The smile on the little boy’s face when the shoe fit is something I will never forget,” says Gayathri Devi, President of RC Erode Cosmos, RI District 3202. She initiated the Wall of Kindness, a project where people of Erode can donate used and excess items that can be picked up by people in need. By the corner of the Kalaimagal School Road, a small store houses these items ranging from clothing, household items, to books and toys to be picked up by the needy. “This is a great way to make sure that what one doesn’t need finds its way to those who need it,” she adds.
She explains that the Wall of Kindness idea is a charity project that has found its way to India from Iran. “During cold weather in Mashhad, someone hung out warm clothes on hangers on a wall with a message: ‘If you don’t need it, leave it here. If you need it, take it.’ Soon donations from neighbours started to appear and fuelled by social media the idea began to spread to other cities.”
The goal of the wall is to reach needy people in the community. In Erode, it is located in two government-aided schools and a hospital. Many people donated items but they weren’t getting picked up. Gayathri says, “Only a few people knew about the Wall of Kindness, so we had to promote it like any other business.” After few months of promoting the Wall on social media and advertising through posters and hand-outs, the number of walk-ins increased. So did the donors.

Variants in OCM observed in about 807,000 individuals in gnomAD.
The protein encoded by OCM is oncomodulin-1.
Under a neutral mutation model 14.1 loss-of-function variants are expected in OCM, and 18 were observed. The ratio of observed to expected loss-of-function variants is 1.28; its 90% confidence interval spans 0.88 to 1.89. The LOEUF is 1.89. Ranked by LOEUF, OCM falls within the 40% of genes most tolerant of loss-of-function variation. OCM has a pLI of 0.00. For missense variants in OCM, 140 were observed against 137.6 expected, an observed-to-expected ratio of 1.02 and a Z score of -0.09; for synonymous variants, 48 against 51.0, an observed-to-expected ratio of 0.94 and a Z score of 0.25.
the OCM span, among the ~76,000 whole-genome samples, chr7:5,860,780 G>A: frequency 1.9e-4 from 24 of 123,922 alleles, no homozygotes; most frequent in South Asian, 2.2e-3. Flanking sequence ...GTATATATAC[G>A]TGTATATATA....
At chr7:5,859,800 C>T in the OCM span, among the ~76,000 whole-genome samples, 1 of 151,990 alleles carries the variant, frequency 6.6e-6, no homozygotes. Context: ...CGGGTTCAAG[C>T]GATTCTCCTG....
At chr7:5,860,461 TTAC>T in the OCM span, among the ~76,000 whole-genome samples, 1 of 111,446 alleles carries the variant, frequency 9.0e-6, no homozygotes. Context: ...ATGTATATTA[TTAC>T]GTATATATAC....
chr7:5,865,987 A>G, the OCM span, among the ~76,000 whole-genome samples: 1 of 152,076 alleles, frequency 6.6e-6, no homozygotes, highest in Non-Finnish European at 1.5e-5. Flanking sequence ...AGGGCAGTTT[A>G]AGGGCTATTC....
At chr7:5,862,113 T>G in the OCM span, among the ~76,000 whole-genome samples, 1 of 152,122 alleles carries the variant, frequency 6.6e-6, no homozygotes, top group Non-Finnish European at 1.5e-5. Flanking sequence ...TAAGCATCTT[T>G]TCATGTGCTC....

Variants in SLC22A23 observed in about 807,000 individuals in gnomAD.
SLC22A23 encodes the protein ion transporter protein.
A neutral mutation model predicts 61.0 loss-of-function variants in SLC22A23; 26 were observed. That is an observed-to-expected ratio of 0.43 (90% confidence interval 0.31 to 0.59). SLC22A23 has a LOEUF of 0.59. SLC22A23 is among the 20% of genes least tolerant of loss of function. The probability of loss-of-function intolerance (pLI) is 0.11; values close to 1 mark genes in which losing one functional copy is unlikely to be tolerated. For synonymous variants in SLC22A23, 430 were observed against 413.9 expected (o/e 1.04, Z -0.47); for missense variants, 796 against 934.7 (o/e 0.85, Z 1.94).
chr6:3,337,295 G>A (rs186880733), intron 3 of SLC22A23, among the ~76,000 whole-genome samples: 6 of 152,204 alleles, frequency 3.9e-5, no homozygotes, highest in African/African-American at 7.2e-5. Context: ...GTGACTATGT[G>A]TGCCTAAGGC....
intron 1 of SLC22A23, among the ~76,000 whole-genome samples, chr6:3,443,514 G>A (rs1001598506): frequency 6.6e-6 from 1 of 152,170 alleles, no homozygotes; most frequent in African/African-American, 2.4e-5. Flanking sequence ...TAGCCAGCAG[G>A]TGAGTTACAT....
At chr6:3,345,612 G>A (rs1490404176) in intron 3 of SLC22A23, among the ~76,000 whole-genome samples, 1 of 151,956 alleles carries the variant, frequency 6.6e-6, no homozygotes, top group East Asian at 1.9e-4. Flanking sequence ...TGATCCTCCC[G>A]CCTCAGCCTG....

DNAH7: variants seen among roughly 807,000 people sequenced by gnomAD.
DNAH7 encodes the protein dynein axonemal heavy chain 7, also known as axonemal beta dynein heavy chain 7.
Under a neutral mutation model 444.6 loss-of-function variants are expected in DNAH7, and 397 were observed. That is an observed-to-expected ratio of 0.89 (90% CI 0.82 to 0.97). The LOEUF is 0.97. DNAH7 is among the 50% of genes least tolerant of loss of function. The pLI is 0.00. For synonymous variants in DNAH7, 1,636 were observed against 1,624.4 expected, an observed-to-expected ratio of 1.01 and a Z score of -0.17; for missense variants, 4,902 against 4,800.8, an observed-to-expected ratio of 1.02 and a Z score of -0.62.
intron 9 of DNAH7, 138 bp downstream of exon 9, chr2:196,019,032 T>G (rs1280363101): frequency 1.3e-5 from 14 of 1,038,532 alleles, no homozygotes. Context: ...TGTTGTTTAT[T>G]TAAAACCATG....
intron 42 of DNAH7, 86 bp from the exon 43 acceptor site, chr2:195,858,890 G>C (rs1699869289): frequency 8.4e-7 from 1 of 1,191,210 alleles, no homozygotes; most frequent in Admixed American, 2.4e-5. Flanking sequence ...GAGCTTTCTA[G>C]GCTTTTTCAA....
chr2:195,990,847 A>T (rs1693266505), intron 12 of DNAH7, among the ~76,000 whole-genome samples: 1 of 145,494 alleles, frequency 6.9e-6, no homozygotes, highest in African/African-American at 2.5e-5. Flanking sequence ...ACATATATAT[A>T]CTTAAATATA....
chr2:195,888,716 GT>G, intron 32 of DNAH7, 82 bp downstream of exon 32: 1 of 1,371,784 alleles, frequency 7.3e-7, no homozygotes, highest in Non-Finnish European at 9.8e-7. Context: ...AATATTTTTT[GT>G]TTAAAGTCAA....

Gayathri came up with the idea after she came across one in Bengaluru. “I wondered why we couldn’t replicate it at Erode.” There was a lot of work to be done including government permissions, local support and a place to set up the wall. She converted one of the three shops she owns into the Wall of Kindness by investing ₹70,000 in setting up storage racks, iron holders and hangers and proper lighting.
Once the project had gained momentum, the club received 250 pairs of new shoes from a leading sports shop in the city. “Every day we put out 10 pairs of shoes and it surprised all of us at the club that not once did the same child come in a second time to pick up the shoes. We have 10 more pairs to go and are sure it will be taken by needy students,” she says, adding that if the adults “were picking up more than three or five items from the racks for their needs we did not intervene. Now most of them understand and pick just one item from the rack.” This project was inaugurated by PDGs Dr Sagadevan and P M Sivashankaran.